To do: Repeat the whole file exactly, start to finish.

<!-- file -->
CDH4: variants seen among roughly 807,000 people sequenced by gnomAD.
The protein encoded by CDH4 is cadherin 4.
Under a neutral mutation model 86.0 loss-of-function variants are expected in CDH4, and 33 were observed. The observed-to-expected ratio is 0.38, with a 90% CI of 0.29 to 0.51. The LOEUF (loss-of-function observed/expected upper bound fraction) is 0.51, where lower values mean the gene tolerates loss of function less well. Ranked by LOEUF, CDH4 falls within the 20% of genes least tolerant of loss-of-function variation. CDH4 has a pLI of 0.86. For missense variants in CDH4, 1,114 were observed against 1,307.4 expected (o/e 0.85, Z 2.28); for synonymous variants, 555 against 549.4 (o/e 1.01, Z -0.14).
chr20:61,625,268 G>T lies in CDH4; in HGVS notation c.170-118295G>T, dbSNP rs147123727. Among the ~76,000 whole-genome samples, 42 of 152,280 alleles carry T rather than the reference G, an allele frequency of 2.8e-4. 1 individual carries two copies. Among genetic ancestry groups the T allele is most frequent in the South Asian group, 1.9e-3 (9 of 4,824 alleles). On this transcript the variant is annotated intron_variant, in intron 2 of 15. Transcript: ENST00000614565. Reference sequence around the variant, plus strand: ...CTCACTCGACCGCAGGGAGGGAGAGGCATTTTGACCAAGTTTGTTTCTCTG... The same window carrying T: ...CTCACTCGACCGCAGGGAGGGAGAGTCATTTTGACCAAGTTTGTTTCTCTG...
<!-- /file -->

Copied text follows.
CDH4: variants seen among roughly 807,000 people sequenced by gnomAD.
The protein encoded by CDH4 is cadherin 4.
Under a neutral mutation model 86.0 loss-of-function variants are expected in CDH4, and 33 were observed. The observed-to-expected ratio is 0.38, with a 90% CI of 0.29 to 0.51. The LOEUF (loss-of-function observed/expected upper bound fraction) is 0.51, where lower values mean the gene tolerates loss of function less well. Ranked by LOEUF, CDH4 falls within the 20% of genes least tolerant of loss-of-function variation. CDH4 has a pLI of 0.86. For missense variants in CDH4, 1,114 were observed against 1,307.4 expected (o/e 0.85, Z 2.28); for synonymous variants, 555 against 549.4 (o/e 1.01, Z -0.14).
chr20:61,625,268 G>T lies in CDH4; in HGVS notation c.170-118295G>T, dbSNP rs147123727. Among the ~76,000 whole-genome samples, 42 of 152,280 alleles carry T rather than the reference G, an allele frequency of 2.8e-4. 1 individual carries two copies. Among genetic ancestry groups the T allele is most frequent in the South Asian group, 1.9e-3 (9 of 4,824 alleles). On this transcript the variant is annotated intron_variant, in intron 2 of 15. Transcript: ENST00000614565. Reference sequence around the variant, plus strand: ...CTCACTCGACCGCAGGGAGGGAGAGGCATTTTGACCAAGTTTGTTTCTCTG... The same window carrying T: ...CTCACTCGACCGCAGGGAGGGAGAGTCATTTTGACCAAGTTTGTTTCTCTG...